Trade in food and agricultural products has been more resilient than trade in other products during the first part of this year, according to new research by the World Trade Organization (WTO).

In a note titled Covid-19 and agriculture: A story of resilience, the WTO says that although global trade overall has slumped as a result of the Covid-19 pandemic and related lockdown measures, agricultural and food exports grew by 2.5% year on year in Q1, largely reflecting the essential nature of food, as well as the fact that trade in goods such as cereals and oilseeds takes place in bulk marine shipments that have not been subject to major disruptions.

A closer look into the figures shows the extent to which initial panic buying and increased home-based food consumption changed the face of agricultural trade flows during the initial months of the pandemic. Trade in non-edible products, such as raw furskins, wool, and live plants, fell back sharply during the first quarter, with declines of as much as 56%. Meanwhile, meat, sugar and dairy products were among the biggest gainers.

“Agricultural trade flows changed significantly, due notably to a sudden change in consumption patterns triggered by the measures put in place,” the report says.

The picture also varies across regions, with agricultural exports from Asia falling during Q1, while European and North American exports held firm until April, largely mirroring the spread of the virus as well as the impact of policy measures including new sanitary and phytosanitary measures and tariff reductions, as well as export restrictions.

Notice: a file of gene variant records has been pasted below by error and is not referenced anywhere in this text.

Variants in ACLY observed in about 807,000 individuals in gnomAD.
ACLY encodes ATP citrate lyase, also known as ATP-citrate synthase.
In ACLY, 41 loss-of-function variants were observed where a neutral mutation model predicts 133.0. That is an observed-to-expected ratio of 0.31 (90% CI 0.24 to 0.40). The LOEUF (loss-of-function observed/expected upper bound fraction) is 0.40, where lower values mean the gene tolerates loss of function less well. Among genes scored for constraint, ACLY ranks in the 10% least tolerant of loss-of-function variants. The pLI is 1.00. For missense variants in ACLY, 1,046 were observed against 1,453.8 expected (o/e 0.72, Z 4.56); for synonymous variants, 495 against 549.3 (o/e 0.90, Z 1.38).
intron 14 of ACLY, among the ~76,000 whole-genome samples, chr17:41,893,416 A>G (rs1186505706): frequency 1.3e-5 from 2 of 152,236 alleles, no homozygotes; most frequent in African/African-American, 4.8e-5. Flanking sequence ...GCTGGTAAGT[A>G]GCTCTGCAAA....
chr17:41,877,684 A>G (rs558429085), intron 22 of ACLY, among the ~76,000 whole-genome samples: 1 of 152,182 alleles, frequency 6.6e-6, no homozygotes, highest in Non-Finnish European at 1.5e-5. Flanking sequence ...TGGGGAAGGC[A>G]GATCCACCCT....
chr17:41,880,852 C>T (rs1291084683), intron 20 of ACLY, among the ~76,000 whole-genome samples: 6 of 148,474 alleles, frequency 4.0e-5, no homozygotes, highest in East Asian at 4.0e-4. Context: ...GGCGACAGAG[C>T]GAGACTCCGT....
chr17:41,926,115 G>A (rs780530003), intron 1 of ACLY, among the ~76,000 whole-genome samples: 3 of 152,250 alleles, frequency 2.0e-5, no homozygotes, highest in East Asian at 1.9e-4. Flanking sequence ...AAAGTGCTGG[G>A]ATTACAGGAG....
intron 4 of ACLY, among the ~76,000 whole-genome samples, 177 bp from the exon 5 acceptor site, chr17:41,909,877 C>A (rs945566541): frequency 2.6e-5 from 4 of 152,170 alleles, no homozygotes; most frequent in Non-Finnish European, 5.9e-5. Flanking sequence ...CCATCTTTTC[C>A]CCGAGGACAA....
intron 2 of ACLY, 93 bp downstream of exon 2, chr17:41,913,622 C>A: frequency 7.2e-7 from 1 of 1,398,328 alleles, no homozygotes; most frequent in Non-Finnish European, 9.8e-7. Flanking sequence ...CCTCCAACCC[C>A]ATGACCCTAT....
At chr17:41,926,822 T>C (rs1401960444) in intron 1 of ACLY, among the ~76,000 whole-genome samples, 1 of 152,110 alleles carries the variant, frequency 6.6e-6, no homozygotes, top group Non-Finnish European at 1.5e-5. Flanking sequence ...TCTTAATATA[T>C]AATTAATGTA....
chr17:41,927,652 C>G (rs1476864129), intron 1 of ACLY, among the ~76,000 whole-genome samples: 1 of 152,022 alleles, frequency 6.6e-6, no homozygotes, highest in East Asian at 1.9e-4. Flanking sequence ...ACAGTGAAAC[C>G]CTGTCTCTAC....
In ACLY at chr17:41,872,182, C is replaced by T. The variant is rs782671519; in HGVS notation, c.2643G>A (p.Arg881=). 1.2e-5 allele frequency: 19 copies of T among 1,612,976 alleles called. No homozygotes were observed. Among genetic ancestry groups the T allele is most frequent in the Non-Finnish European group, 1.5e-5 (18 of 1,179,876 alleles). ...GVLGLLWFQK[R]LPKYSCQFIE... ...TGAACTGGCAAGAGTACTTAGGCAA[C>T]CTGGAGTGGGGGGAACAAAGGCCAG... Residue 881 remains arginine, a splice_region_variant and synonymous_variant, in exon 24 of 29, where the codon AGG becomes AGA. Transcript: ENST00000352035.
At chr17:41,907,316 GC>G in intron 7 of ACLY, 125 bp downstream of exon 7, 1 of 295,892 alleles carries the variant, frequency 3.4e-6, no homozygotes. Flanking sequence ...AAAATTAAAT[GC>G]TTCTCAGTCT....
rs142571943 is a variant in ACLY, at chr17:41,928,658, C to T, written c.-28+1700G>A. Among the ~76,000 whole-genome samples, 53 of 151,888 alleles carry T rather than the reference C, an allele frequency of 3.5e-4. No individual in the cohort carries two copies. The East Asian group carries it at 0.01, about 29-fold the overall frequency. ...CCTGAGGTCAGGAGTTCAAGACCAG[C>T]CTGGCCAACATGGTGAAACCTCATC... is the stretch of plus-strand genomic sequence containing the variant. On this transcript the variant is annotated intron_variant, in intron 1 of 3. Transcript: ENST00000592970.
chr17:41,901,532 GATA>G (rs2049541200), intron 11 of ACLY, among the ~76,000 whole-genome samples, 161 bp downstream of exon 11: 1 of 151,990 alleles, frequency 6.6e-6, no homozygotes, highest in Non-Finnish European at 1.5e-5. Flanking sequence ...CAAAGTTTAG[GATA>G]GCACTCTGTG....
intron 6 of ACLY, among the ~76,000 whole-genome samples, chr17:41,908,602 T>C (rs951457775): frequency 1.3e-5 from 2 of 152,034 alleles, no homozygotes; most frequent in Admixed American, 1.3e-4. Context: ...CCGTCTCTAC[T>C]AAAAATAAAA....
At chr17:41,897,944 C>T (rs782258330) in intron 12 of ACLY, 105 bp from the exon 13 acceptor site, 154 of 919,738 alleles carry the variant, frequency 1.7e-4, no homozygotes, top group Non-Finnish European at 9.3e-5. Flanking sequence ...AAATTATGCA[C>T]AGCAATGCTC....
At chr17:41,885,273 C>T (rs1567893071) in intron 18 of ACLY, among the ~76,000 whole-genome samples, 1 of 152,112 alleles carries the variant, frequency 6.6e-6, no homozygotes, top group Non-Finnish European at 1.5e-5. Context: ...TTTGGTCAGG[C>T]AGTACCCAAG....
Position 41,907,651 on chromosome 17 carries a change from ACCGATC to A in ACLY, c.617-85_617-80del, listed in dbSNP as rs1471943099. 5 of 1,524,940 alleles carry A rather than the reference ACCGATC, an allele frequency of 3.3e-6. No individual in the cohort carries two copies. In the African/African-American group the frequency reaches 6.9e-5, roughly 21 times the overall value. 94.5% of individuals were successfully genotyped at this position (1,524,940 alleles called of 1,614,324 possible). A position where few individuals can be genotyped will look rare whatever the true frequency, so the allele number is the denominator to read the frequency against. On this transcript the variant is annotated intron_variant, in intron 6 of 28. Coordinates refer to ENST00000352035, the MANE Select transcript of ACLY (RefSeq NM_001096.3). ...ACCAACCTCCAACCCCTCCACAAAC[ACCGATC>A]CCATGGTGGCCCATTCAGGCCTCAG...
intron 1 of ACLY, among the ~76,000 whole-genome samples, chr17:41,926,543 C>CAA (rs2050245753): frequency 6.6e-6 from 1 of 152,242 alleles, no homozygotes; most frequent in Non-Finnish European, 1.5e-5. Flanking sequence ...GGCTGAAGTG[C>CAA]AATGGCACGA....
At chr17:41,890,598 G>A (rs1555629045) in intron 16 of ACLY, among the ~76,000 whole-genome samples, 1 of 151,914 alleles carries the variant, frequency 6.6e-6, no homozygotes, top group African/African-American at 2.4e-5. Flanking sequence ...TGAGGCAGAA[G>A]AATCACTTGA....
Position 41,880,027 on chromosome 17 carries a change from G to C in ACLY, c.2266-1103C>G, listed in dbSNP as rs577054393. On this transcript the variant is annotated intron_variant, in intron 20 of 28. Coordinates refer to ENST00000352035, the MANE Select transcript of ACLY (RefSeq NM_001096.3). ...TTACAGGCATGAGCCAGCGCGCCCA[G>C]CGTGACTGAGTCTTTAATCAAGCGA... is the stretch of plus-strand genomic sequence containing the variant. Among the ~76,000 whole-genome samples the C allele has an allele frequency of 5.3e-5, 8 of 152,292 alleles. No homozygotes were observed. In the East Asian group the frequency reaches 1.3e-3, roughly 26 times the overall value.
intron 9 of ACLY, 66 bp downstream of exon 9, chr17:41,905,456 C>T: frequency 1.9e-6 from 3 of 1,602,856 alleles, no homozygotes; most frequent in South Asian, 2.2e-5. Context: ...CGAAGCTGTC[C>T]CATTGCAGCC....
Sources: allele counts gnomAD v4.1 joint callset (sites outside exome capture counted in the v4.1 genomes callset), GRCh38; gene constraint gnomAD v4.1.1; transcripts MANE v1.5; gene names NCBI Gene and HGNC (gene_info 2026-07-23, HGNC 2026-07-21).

“While many governments have gradually relaxed lockdown measures, removed several export restrictions, and introduced domestic support measures to support the agricultural sector, the pandemic continues to spread in different parts of the world and is expected to continue to influence the demand for and supply of agricultural products,” the WTO says in the report, adding that it is vital that governments ensure that any trade-related measures in response to the crisis do not disrupt food supply chains.

“By contributing to the availability and affordability of food, trade remains a crucial part of the solution to countries’ food security concerns – particularly at a moment when people’s incomes are under pressure,” the WTO says. “It is therefore critical to keep trade flows open, and to ensure that food supply chains stay operational.”